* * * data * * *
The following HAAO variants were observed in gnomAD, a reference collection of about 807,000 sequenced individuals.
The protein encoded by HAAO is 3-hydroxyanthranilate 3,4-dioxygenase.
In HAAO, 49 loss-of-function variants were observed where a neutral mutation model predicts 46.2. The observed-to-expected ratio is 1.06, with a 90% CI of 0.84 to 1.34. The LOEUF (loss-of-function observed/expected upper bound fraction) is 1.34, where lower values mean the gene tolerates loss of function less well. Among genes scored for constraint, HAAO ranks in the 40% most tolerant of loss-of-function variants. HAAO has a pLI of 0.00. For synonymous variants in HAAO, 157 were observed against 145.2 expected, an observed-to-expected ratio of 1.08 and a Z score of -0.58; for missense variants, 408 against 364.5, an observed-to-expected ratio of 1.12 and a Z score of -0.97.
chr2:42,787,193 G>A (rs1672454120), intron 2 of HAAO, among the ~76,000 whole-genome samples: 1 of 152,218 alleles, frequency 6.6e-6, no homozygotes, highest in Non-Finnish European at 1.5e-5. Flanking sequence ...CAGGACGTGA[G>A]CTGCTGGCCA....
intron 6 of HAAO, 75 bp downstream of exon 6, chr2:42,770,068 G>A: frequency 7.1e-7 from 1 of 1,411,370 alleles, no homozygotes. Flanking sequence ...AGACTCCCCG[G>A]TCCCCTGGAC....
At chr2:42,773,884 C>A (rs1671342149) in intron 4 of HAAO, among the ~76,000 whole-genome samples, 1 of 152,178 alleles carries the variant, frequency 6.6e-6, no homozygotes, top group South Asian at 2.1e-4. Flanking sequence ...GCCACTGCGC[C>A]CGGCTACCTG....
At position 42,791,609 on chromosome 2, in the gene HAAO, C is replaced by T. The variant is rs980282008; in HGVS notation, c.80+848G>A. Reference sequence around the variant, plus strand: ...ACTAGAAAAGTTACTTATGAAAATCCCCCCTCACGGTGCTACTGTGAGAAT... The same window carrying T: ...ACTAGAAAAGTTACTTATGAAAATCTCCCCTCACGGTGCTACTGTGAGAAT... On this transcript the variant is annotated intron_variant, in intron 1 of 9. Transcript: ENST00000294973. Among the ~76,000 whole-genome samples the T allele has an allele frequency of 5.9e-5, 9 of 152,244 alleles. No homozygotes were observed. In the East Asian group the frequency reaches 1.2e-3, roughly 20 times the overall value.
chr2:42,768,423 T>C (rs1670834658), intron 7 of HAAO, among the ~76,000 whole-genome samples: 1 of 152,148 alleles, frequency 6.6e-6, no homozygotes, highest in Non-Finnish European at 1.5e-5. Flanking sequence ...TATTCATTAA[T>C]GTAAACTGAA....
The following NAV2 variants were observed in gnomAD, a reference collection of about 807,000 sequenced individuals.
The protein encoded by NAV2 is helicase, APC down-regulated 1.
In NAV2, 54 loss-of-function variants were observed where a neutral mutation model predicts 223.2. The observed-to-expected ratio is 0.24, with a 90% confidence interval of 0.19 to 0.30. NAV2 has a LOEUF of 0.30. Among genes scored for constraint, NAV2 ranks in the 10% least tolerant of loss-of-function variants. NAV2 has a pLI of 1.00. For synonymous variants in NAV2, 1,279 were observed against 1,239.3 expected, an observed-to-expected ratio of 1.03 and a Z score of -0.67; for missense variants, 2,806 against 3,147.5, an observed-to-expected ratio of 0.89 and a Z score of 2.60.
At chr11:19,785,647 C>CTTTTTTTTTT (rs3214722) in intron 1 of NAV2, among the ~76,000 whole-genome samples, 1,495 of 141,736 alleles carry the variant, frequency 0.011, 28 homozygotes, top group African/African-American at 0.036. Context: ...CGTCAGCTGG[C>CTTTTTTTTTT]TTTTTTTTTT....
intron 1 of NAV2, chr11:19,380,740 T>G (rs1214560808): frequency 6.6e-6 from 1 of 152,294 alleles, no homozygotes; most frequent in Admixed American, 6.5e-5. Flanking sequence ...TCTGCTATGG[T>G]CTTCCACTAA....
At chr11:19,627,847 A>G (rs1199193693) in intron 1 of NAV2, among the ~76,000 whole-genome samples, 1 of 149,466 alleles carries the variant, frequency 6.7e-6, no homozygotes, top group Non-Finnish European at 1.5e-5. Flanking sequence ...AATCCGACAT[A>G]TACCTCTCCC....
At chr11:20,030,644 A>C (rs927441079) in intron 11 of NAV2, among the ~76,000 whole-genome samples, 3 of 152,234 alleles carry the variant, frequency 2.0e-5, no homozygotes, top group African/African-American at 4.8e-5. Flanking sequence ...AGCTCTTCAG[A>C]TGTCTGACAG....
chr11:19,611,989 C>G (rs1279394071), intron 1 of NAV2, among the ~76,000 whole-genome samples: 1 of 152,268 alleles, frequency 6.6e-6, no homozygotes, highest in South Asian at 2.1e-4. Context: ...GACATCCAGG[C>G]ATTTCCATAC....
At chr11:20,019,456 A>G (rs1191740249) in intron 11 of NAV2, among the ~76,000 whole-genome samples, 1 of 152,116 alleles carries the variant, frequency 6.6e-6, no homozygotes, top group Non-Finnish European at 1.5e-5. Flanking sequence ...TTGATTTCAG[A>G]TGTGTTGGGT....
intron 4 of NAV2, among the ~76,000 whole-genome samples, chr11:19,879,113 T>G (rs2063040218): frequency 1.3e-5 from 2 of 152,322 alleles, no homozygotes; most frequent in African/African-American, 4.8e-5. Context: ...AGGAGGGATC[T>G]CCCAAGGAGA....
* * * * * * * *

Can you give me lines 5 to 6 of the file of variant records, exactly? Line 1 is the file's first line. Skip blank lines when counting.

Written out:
intron 6 of HAAO, 75 bp downstream of exon 6, chr2:42,770,068 G>A: frequency 7.1e-7 from 1 of 1,411,370 alleles, no homozygotes. Flanking sequence ...AGACTCCCCG[G>A]TCCCCTGGAC....
At chr2:42,773,884 C>A (rs1671342149) in intron 4 of HAAO, among the ~76,000 whole-genome samples, 1 of 152,178 alleles carries the variant, frequency 6.6e-6, no homozygotes, top group South Asian at 2.1e-4. Flanking sequence ...GCCACTGCGC[C>A]CGGCTACCTG....